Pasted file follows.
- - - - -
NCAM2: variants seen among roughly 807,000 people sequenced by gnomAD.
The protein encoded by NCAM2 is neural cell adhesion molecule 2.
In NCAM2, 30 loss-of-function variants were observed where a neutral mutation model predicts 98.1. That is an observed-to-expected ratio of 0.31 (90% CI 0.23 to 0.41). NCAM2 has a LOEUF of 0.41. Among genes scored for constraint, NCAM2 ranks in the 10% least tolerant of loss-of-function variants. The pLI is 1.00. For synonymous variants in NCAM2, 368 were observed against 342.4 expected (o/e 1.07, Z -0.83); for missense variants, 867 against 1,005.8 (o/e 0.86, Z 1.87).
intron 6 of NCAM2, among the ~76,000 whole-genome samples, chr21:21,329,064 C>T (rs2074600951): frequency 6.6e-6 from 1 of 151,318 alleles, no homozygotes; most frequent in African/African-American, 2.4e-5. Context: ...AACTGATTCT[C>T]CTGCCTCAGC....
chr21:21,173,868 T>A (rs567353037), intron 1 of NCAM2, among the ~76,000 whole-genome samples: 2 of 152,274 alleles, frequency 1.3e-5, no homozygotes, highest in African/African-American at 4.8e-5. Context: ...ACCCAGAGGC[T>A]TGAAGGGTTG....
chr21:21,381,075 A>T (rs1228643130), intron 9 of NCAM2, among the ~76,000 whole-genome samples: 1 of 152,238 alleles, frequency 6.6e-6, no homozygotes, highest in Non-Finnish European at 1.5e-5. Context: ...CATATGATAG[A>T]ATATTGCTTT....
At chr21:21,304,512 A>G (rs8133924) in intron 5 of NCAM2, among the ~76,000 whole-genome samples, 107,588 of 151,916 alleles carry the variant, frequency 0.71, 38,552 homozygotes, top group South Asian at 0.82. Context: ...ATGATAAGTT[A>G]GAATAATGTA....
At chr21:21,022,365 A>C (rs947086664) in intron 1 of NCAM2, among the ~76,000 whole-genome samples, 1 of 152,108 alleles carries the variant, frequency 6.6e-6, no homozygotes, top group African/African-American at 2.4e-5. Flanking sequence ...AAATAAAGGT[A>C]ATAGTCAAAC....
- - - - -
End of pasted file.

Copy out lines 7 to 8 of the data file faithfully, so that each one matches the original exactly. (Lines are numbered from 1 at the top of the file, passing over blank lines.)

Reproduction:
At chr21:21,304,512 A>G (rs8133924) in intron 5 of NCAM2, among the ~76,000 whole-genome samples, 107,588 of 151,916 alleles carry the variant, frequency 0.71, 38,552 homozygotes, top group South Asian at 0.82. Context: ...ATGATAAGTT[A>G]GAATAATGTA....
At chr21:21,022,365 A>C (rs947086664) in intron 1 of NCAM2, among the ~76,000 whole-genome samples, 1 of 152,108 alleles carries the variant, frequency 6.6e-6, no homozygotes, top group African/African-American at 2.4e-5. Flanking sequence ...AAATAAAGGT[A>C]ATAGTCAAAC....